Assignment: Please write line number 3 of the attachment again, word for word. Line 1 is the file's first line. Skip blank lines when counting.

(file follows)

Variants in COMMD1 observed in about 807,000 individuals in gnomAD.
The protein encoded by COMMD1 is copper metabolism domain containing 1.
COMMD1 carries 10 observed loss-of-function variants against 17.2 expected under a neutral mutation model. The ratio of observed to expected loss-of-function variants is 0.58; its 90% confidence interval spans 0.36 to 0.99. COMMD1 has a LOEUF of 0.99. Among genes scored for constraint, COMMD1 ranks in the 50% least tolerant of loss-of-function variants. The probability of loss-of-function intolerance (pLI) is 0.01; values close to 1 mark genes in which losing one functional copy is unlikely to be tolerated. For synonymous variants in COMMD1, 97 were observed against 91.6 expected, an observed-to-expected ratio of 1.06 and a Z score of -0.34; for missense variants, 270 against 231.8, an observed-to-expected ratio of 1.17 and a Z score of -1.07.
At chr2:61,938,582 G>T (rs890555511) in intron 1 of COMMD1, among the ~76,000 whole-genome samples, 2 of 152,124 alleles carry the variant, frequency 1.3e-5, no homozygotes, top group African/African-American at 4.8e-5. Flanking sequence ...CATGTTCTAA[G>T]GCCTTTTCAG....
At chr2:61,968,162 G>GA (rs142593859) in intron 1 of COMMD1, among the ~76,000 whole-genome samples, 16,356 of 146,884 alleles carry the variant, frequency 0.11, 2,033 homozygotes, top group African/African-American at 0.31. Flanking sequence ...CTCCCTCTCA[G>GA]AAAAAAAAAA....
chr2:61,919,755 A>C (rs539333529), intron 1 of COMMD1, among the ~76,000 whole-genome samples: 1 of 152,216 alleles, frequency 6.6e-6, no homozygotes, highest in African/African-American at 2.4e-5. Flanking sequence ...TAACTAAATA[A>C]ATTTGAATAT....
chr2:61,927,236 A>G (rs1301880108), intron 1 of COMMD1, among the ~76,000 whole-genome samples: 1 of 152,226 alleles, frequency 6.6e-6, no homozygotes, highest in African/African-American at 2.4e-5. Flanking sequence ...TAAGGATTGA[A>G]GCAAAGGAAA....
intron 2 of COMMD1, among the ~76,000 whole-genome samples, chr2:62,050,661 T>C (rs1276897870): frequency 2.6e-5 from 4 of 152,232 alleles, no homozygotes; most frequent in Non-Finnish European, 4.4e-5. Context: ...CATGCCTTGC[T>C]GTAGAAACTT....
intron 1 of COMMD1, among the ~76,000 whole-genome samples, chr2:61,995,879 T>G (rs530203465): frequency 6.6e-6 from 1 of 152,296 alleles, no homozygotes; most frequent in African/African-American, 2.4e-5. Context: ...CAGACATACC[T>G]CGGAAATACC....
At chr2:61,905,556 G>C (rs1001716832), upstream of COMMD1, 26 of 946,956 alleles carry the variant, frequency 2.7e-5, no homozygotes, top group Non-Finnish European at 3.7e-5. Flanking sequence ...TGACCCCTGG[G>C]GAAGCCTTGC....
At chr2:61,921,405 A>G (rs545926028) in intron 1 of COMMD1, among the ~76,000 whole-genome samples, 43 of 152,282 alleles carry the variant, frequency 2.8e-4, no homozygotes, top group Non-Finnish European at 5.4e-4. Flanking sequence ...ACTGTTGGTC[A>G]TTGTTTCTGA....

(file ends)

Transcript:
COMMD1 carries 10 observed loss-of-function variants against 17.2 expected under a neutral mutation model. The ratio of observed to expected loss-of-function variants is 0.58; its 90% confidence interval spans 0.36 to 0.99. COMMD1 has a LOEUF of 0.99. Among genes scored for constraint, COMMD1 ranks in the 50% least tolerant of loss-of-function variants. The probability of loss-of-function intolerance (pLI) is 0.01; values close to 1 mark genes in which losing one functional copy is unlikely to be tolerated. For synonymous variants in COMMD1, 97 were observed against 91.6 expected, an observed-to-expected ratio of 1.06 and a Z score of -0.34; for missense variants, 270 against 231.8, an observed-to-expected ratio of 1.17 and a Z score of -1.07.